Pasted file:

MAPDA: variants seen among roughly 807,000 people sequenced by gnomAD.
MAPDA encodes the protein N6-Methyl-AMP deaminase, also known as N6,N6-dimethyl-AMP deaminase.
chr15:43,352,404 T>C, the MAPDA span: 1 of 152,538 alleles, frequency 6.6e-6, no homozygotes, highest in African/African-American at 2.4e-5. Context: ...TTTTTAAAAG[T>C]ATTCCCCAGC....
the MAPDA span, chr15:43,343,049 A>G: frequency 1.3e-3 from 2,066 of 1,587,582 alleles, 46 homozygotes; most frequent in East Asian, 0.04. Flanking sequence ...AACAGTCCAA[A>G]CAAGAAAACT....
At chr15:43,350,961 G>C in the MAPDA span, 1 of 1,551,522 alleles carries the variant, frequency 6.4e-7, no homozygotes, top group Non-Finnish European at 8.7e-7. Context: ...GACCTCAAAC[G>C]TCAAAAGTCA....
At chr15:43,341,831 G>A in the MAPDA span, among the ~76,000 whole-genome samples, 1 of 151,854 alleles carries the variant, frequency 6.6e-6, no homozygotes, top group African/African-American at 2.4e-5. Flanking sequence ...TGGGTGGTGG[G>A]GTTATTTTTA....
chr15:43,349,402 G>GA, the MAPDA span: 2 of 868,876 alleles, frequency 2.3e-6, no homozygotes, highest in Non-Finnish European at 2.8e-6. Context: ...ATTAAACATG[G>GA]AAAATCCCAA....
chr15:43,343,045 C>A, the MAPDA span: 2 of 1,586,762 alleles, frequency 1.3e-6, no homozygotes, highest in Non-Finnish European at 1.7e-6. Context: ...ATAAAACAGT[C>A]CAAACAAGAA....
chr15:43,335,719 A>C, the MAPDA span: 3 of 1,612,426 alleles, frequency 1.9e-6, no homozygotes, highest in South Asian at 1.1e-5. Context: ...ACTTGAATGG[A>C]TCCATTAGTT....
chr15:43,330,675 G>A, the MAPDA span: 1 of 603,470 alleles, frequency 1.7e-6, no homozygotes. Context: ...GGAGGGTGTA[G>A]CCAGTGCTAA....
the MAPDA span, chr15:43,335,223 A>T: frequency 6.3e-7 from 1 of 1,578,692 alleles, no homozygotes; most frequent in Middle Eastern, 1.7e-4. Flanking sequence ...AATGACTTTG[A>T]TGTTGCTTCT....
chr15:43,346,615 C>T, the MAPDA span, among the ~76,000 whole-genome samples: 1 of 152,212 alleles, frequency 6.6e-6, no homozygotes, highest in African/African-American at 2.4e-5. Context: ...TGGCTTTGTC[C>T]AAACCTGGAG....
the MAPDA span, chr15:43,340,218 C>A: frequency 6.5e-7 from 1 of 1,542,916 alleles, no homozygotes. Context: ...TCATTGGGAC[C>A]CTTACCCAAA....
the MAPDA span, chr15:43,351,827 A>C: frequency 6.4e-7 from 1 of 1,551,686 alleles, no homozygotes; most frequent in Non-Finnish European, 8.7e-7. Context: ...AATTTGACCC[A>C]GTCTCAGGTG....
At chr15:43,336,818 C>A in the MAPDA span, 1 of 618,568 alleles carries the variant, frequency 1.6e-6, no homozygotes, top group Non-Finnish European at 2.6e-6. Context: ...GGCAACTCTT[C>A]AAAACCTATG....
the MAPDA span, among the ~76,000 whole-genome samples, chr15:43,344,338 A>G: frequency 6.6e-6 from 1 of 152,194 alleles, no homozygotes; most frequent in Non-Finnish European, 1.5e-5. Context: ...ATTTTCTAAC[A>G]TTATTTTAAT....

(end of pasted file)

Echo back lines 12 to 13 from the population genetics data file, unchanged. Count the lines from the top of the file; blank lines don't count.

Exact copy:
chr15:43,346,615 C>T, the MAPDA span, among the ~76,000 whole-genome samples: 1 of 152,212 alleles, frequency 6.6e-6, no homozygotes, highest in African/African-American at 2.4e-5. Context: ...TGGCTTTGTC[C>T]AAACCTGGAG....
the MAPDA span, chr15:43,340,218 C>A: frequency 6.5e-7 from 1 of 1,542,916 alleles, no homozygotes. Context: ...TCATTGGGAC[C>A]CTTACCCAAA....